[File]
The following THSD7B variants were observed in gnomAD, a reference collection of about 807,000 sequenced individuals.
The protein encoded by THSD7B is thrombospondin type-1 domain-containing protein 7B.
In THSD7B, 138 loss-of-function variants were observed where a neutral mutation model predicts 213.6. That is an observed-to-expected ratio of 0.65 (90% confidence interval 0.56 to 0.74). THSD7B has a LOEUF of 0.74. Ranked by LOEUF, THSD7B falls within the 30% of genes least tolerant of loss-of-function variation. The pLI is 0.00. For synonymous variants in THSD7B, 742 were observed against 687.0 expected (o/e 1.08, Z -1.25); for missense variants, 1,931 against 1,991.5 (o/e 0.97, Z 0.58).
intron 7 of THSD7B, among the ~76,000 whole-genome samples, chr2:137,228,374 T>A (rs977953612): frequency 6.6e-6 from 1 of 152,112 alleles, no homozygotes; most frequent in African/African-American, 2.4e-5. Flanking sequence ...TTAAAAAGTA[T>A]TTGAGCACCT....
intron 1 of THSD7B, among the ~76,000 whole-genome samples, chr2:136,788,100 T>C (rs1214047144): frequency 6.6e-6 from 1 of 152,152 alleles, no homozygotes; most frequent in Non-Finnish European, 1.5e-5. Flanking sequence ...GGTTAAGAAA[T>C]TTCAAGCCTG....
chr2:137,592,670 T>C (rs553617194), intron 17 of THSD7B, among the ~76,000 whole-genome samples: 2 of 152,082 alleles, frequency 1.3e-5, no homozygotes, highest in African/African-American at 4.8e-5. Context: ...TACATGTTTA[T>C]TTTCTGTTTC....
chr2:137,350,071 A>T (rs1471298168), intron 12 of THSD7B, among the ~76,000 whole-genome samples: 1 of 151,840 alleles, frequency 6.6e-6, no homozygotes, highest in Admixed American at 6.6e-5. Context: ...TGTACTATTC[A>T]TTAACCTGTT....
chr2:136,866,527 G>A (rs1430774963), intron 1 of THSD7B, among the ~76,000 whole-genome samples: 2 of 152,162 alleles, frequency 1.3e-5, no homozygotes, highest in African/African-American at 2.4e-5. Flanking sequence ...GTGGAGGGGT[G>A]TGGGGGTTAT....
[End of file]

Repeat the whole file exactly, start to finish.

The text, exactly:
The following THSD7B variants were observed in gnomAD, a reference collection of about 807,000 sequenced individuals.
The protein encoded by THSD7B is thrombospondin type-1 domain-containing protein 7B.
In THSD7B, 138 loss-of-function variants were observed where a neutral mutation model predicts 213.6. That is an observed-to-expected ratio of 0.65 (90% confidence interval 0.56 to 0.74). THSD7B has a LOEUF of 0.74. Ranked by LOEUF, THSD7B falls within the 30% of genes least tolerant of loss-of-function variation. The pLI is 0.00. For synonymous variants in THSD7B, 742 were observed against 687.0 expected (o/e 1.08, Z -1.25); for missense variants, 1,931 against 1,991.5 (o/e 0.97, Z 0.58).
intron 7 of THSD7B, among the ~76,000 whole-genome samples, chr2:137,228,374 T>A (rs977953612): frequency 6.6e-6 from 1 of 152,112 alleles, no homozygotes; most frequent in African/African-American, 2.4e-5. Flanking sequence ...TTAAAAAGTA[T>A]TTGAGCACCT....
intron 1 of THSD7B, among the ~76,000 whole-genome samples, chr2:136,788,100 T>C (rs1214047144): frequency 6.6e-6 from 1 of 152,152 alleles, no homozygotes; most frequent in Non-Finnish European, 1.5e-5. Flanking sequence ...GGTTAAGAAA[T>C]TTCAAGCCTG....
chr2:137,592,670 T>C (rs553617194), intron 17 of THSD7B, among the ~76,000 whole-genome samples: 2 of 152,082 alleles, frequency 1.3e-5, no homozygotes, highest in African/African-American at 4.8e-5. Context: ...TACATGTTTA[T>C]TTTCTGTTTC....
chr2:137,350,071 A>T (rs1471298168), intron 12 of THSD7B, among the ~76,000 whole-genome samples: 1 of 151,840 alleles, frequency 6.6e-6, no homozygotes, highest in Admixed American at 6.6e-5. Context: ...TGTACTATTC[A>T]TTAACCTGTT....
chr2:136,866,527 G>A (rs1430774963), intron 1 of THSD7B, among the ~76,000 whole-genome samples: 2 of 152,162 alleles, frequency 1.3e-5, no homozygotes, highest in African/African-American at 2.4e-5. Flanking sequence ...GTGGAGGGGT[G>A]TGGGGGTTAT....